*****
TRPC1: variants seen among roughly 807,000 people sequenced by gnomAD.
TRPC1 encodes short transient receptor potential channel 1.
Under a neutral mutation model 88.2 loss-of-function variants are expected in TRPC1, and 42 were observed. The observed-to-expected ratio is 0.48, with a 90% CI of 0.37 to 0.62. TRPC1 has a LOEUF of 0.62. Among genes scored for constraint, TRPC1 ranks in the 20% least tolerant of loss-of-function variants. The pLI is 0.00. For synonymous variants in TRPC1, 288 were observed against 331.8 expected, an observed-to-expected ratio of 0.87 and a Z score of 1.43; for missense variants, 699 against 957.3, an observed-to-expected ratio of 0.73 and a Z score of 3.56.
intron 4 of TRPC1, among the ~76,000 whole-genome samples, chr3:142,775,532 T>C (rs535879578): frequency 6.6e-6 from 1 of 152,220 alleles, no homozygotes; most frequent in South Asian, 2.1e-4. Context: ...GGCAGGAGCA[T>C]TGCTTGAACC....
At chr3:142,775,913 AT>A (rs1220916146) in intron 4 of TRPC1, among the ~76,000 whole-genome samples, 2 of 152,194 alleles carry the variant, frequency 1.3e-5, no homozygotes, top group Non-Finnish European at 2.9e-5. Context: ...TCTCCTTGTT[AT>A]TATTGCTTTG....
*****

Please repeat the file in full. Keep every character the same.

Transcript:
TRPC1: variants seen among roughly 807,000 people sequenced by gnomAD.
TRPC1 encodes short transient receptor potential channel 1.
Under a neutral mutation model 88.2 loss-of-function variants are expected in TRPC1, and 42 were observed. The observed-to-expected ratio is 0.48, with a 90% CI of 0.37 to 0.62. TRPC1 has a LOEUF of 0.62. Among genes scored for constraint, TRPC1 ranks in the 20% least tolerant of loss-of-function variants. The pLI is 0.00. For synonymous variants in TRPC1, 288 were observed against 331.8 expected, an observed-to-expected ratio of 0.87 and a Z score of 1.43; for missense variants, 699 against 957.3, an observed-to-expected ratio of 0.73 and a Z score of 3.56.
intron 4 of TRPC1, among the ~76,000 whole-genome samples, chr3:142,775,532 T>C (rs535879578): frequency 6.6e-6 from 1 of 152,220 alleles, no homozygotes; most frequent in South Asian, 2.1e-4. Context: ...GGCAGGAGCA[T>C]TGCTTGAACC....
At chr3:142,775,913 AT>A (rs1220916146) in intron 4 of TRPC1, among the ~76,000 whole-genome samples, 2 of 152,194 alleles carry the variant, frequency 1.3e-5, no homozygotes, top group Non-Finnish European at 2.9e-5. Context: ...TCTCCTTGTT[AT>A]TATTGCTTTG....